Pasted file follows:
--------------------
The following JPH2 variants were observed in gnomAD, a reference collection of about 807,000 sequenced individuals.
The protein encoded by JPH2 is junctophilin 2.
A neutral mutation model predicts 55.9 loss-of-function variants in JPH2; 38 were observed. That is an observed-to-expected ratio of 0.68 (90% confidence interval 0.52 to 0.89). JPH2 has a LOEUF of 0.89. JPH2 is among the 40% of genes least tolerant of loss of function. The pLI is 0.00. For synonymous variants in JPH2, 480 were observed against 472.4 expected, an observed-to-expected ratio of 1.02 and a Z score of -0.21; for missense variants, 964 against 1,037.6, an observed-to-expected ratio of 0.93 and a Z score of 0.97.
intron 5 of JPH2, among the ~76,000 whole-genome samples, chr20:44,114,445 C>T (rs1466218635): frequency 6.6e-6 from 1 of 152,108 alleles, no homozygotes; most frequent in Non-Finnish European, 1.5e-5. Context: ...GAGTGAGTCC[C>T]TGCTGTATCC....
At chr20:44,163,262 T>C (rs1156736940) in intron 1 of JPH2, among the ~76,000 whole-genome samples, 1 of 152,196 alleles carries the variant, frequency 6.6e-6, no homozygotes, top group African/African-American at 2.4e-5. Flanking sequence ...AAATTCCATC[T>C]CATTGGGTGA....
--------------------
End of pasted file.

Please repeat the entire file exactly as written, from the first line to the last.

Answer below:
The following JPH2 variants were observed in gnomAD, a reference collection of about 807,000 sequenced individuals.
The protein encoded by JPH2 is junctophilin 2.
A neutral mutation model predicts 55.9 loss-of-function variants in JPH2; 38 were observed. That is an observed-to-expected ratio of 0.68 (90% confidence interval 0.52 to 0.89). JPH2 has a LOEUF of 0.89. JPH2 is among the 40% of genes least tolerant of loss of function. The pLI is 0.00. For synonymous variants in JPH2, 480 were observed against 472.4 expected, an observed-to-expected ratio of 1.02 and a Z score of -0.21; for missense variants, 964 against 1,037.6, an observed-to-expected ratio of 0.93 and a Z score of 0.97.
intron 5 of JPH2, among the ~76,000 whole-genome samples, chr20:44,114,445 C>T (rs1466218635): frequency 6.6e-6 from 1 of 152,108 alleles, no homozygotes; most frequent in Non-Finnish European, 1.5e-5. Context: ...GAGTGAGTCC[C>T]TGCTGTATCC....
At chr20:44,163,262 T>C (rs1156736940) in intron 1 of JPH2, among the ~76,000 whole-genome samples, 1 of 152,196 alleles carries the variant, frequency 6.6e-6, no homozygotes, top group African/African-American at 2.4e-5. Flanking sequence ...AAATTCCATC[T>C]CATTGGGTGA....